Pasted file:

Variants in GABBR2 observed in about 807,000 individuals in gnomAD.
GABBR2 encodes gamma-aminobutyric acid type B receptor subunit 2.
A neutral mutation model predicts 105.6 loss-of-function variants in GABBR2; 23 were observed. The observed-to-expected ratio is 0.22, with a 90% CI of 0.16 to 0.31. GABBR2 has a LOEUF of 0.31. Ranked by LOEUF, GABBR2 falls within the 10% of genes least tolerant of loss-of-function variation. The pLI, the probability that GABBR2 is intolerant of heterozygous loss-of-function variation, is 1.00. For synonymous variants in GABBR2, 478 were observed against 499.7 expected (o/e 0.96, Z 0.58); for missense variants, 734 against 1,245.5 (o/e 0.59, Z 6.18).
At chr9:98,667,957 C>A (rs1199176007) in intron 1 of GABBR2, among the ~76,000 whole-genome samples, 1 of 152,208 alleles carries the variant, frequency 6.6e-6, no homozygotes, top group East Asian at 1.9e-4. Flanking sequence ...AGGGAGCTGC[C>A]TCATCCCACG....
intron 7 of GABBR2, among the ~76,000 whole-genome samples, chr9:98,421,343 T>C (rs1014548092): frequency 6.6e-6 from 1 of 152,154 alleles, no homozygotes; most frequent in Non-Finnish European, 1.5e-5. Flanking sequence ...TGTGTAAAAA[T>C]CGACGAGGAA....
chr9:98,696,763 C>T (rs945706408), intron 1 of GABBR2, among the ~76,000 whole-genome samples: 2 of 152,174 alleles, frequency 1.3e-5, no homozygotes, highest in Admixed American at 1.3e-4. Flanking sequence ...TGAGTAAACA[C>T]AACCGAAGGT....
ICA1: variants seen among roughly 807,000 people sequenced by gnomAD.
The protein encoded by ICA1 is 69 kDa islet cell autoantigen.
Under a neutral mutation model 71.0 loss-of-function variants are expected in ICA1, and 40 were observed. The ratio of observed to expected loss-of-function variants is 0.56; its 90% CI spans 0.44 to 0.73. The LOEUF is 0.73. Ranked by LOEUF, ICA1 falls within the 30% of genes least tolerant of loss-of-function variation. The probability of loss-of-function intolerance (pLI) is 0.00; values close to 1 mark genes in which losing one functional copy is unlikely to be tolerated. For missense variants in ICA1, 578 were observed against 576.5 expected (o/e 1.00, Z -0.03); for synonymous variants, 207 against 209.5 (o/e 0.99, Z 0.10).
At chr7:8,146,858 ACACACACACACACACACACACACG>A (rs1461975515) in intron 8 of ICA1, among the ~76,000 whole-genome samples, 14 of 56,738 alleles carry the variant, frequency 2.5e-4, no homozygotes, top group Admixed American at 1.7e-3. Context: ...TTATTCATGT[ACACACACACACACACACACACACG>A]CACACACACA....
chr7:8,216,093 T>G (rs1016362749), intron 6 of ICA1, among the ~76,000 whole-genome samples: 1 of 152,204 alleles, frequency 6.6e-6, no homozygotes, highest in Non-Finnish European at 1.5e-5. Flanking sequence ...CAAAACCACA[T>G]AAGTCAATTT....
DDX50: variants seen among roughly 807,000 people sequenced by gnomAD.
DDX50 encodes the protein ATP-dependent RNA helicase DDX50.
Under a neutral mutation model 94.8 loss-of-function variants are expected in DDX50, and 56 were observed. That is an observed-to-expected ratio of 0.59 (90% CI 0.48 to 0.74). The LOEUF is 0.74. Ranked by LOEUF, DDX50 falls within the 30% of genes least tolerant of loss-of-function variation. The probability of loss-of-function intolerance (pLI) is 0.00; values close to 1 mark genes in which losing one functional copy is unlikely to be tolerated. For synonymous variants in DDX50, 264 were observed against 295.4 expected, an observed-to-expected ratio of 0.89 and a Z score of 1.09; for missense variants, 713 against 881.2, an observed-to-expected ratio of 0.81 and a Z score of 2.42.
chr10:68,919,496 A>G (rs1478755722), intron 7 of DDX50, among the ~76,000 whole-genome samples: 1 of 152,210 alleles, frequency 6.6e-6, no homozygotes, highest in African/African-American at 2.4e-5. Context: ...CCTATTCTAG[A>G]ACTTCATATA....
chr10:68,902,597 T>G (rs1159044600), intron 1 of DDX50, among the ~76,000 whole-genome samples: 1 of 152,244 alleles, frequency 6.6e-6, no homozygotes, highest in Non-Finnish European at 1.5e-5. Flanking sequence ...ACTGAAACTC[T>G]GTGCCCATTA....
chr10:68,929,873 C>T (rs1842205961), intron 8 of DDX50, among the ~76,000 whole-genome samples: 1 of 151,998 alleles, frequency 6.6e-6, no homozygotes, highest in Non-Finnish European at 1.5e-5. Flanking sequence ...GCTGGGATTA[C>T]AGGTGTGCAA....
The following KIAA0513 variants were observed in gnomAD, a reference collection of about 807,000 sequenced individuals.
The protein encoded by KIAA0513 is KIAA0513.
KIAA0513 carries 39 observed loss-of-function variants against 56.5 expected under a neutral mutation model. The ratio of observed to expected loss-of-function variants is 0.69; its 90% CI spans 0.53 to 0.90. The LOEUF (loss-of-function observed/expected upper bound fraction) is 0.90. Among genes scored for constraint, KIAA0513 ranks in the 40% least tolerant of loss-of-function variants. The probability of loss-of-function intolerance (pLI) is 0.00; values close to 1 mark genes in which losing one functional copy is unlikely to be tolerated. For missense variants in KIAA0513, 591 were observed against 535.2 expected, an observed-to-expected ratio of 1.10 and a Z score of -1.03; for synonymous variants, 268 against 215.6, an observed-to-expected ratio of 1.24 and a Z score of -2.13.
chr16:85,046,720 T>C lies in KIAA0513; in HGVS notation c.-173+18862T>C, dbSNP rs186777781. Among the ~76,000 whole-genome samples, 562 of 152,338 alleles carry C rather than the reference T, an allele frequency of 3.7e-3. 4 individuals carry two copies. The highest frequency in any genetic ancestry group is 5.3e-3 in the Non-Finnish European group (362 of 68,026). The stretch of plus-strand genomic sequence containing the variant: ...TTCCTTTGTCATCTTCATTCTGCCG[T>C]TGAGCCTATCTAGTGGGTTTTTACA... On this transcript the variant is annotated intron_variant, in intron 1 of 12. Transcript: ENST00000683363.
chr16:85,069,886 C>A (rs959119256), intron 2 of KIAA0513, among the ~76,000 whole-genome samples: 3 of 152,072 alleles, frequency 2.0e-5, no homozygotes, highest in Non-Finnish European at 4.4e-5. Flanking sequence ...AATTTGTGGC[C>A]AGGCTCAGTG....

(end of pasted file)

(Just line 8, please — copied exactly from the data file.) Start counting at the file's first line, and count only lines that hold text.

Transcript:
The protein encoded by ICA1 is 69 kDa islet cell autoantigen.